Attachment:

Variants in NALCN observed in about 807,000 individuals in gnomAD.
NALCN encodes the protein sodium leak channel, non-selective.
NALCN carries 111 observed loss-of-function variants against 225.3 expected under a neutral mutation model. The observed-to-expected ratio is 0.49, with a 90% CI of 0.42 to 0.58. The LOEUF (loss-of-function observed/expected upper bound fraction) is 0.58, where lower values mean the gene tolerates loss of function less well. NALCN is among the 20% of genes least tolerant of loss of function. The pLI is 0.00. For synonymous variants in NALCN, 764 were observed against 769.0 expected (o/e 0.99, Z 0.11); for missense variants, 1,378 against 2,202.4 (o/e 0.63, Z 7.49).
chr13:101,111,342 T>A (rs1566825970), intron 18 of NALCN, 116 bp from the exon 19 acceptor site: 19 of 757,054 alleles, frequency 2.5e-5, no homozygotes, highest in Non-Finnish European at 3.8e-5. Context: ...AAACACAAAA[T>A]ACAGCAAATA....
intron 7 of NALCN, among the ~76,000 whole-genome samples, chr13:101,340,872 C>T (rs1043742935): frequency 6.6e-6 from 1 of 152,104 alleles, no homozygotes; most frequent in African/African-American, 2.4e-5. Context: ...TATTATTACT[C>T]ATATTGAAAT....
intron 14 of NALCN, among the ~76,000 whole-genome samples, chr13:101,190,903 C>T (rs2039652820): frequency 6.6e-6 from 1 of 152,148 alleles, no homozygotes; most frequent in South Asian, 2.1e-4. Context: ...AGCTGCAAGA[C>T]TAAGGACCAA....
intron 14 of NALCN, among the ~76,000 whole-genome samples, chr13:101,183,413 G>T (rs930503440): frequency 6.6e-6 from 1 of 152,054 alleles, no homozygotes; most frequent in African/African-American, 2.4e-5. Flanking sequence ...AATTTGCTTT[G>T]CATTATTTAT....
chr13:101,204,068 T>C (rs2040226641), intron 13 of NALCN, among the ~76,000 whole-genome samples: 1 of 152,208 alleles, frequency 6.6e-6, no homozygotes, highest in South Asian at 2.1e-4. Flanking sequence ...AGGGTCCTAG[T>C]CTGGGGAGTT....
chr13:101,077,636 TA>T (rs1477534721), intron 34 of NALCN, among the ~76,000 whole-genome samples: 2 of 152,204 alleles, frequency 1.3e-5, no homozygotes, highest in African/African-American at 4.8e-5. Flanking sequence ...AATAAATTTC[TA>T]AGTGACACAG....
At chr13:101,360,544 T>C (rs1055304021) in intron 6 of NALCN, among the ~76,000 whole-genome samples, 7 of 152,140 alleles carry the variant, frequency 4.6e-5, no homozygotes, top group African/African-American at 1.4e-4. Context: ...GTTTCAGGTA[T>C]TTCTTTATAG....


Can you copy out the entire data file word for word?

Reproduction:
Variants in NALCN observed in about 807,000 individuals in gnomAD.
NALCN encodes the protein sodium leak channel, non-selective.
NALCN carries 111 observed loss-of-function variants against 225.3 expected under a neutral mutation model. The observed-to-expected ratio is 0.49, with a 90% CI of 0.42 to 0.58. The LOEUF (loss-of-function observed/expected upper bound fraction) is 0.58, where lower values mean the gene tolerates loss of function less well. NALCN is among the 20% of genes least tolerant of loss of function. The pLI is 0.00. For synonymous variants in NALCN, 764 were observed against 769.0 expected (o/e 0.99, Z 0.11); for missense variants, 1,378 against 2,202.4 (o/e 0.63, Z 7.49).
chr13:101,111,342 T>A (rs1566825970), intron 18 of NALCN, 116 bp from the exon 19 acceptor site: 19 of 757,054 alleles, frequency 2.5e-5, no homozygotes, highest in Non-Finnish European at 3.8e-5. Context: ...AAACACAAAA[T>A]ACAGCAAATA....
intron 7 of NALCN, among the ~76,000 whole-genome samples, chr13:101,340,872 C>T (rs1043742935): frequency 6.6e-6 from 1 of 152,104 alleles, no homozygotes; most frequent in African/African-American, 2.4e-5. Context: ...TATTATTACT[C>T]ATATTGAAAT....
intron 14 of NALCN, among the ~76,000 whole-genome samples, chr13:101,190,903 C>T (rs2039652820): frequency 6.6e-6 from 1 of 152,148 alleles, no homozygotes; most frequent in South Asian, 2.1e-4. Context: ...AGCTGCAAGA[C>T]TAAGGACCAA....
intron 14 of NALCN, among the ~76,000 whole-genome samples, chr13:101,183,413 G>T (rs930503440): frequency 6.6e-6 from 1 of 152,054 alleles, no homozygotes; most frequent in African/African-American, 2.4e-5. Flanking sequence ...AATTTGCTTT[G>T]CATTATTTAT....
chr13:101,204,068 T>C (rs2040226641), intron 13 of NALCN, among the ~76,000 whole-genome samples: 1 of 152,208 alleles, frequency 6.6e-6, no homozygotes, highest in South Asian at 2.1e-4. Flanking sequence ...AGGGTCCTAG[T>C]CTGGGGAGTT....
chr13:101,077,636 TA>T (rs1477534721), intron 34 of NALCN, among the ~76,000 whole-genome samples: 2 of 152,204 alleles, frequency 1.3e-5, no homozygotes, highest in African/African-American at 4.8e-5. Flanking sequence ...AATAAATTTC[TA>T]AGTGACACAG....
At chr13:101,360,544 T>C (rs1055304021) in intron 6 of NALCN, among the ~76,000 whole-genome samples, 7 of 152,140 alleles carry the variant, frequency 4.6e-5, no homozygotes, top group African/African-American at 1.4e-4. Context: ...GTTTCAGGTA[T>C]TTCTTTATAG....